Productive Paraprofessionals


In my region of the country we call our paraprofessionals teacher aides, but I am aware that through most of the country these God sent people are referred to as paras. Whatever you call them, we can all agree that they are instrumental in a special education classroom.
For the purpose of this post, I will be using both terms synonymously. 

I wouldn't survive without my aides, and I am always alarmed when I hear teachers complain about their aides. Don't get me wrong, it can be very challenging to manage adults when you are managing students with disabilities all day. But I truly believe that paraprofessionals and aides can make or break your classroom. Here are some tips for creating an environment that empowers and engages your aides for the good of the kids.

1. Decide what you want from them and set expectations right away. I often hear teachers say that their paras do not do their job or interfere with the students instead of support them. One thing to remember is that in most schools, paras are assigned on an annual basis, often moving through different grade levels and different programs from year to year. An inclusion aide has a much different job description than a functional self-contained aide. Set expectations and share that
with your aide at the beginning of the year. Type up a list of their daily responsibilities and expectations. They don't know what they don't know.


2. Remember, they didn't go to college for special education. Everything they know about working with students they learned by working with students. They don't get extensive formal training like teachers so you cannot expect them to do things the way you do unless you teach them and set an example. Share ideas, offer advice and lead by example.

3. Be a team. Include your aide in decisions that you feel they can be included in, like where to hang things or how to organize something. Ask for their input or advice about a child if you feel they have insight from specials, bus duty, etc.. They will feel like a valued part of the team and will be more willing to be reflective if they feel that their input matters to you.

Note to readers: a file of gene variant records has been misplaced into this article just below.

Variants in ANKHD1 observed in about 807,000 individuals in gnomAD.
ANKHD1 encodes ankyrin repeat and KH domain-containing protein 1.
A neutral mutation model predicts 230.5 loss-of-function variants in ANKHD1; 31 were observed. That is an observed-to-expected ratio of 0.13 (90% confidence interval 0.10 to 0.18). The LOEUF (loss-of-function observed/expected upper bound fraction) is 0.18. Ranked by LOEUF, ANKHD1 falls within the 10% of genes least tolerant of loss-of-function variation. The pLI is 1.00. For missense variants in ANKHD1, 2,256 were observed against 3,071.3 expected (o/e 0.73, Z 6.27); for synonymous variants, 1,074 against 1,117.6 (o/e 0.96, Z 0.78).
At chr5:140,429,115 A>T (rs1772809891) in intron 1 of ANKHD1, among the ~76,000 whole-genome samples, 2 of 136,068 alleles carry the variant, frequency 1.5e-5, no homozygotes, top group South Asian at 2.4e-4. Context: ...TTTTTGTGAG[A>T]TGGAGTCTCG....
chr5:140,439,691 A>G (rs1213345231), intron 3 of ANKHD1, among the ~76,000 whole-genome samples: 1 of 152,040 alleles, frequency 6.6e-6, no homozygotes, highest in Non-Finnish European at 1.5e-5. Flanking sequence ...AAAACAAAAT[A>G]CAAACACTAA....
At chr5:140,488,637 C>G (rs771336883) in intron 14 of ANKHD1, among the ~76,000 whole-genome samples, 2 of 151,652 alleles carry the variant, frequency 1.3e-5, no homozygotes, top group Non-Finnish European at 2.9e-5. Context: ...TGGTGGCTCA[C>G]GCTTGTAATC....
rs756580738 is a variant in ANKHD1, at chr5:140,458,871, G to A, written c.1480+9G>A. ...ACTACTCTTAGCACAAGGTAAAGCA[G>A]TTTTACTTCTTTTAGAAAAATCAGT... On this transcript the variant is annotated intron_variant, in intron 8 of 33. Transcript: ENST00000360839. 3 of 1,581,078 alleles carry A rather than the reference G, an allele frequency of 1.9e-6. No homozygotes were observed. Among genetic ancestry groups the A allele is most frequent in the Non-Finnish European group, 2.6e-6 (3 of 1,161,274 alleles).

4. Give them space. Even if you don't have room for your paras to have their own desk or closet, make sure they at least have a drawer or a space in the room for their belongings. Nobody wants to go through a school year storing their purse and lunch on a heater. Saying things like "our classroom" and "our students" can go a long way!

5. Some things are above their pay grade. I had a friend who worked as an aide and the teacher she worked with expected her to write the IEP! Don't have unrealistic expectations for your aides- they certainly don't get paid to grade your papers at home at night or plan your reading groups on their lunch break.

6. Be respectful. Never, ever, ever correct or reprimand a para in front of your students. You are shooting yourself in the foot! If YOU don't have respect for your paras, do you think your students will? Always correct them or discuss matters in private, with no students or other aides present.

7. Require Confidentiality. Many aides may live in the community or even have children at your school. It is pertinent that you explain to them how important confidentiality is. The last thing you want is for your aide to get cornered by a parent at the grocery store looking for information. Give them an out and tell them to defer all parent questions and concerns to you. If you make it a classroom policy, it will eliminate any blurred lines. I also address this with parents at Open House/Meet the Teacher Night.

7. Paras get burned out too. We know teachers can get burned out but paras can too! Sometimes even more than teachers. Watch for this throughout the school year and if you sense that a para and a child are starting to really get under each other's skin, mix things up so they can have a break. Never let a para get so burned out from a child that it interferes with their ability to help the child.

8. Be honest. If you feel that an aide has room for improvement, tell them. This is something I have struggled with as a young teacher, because most of the paras I work with are much older than me. It is uncomfortable to tell them that they need to improve on something, but it is also my job. It is a disservice to your students if you do not have high expectations for all of the adults in your room. When it comes time for evaluations, be honest and straightforward. 

9. Have a regular meeting. My key to success with paras is having a weekly, monthly or quarterly meeting. Each year your paras will have a different chemistry with the kids and the other paras/adults in your room. Some years you might find it necessary to only have a quarterly meeting and other years it might be necessary to have a weekly meeting. It all depends on the kiddos in your room and the paras that are assigned to you.

10. Praise them. I know, this seems so simple but it doesn't happen as often as it should. Find reasons to praise them and let them know you appreciate them. Surprise them with a coffee or send a nice text saying that they are making a difference in the lives of your students. You know how good that feels as the teacher, the same goes for paras!

Here is an example of an agenda for my monthly aide meeting. This is a very informal write up of the key points I would discuss in a monthly meeting.


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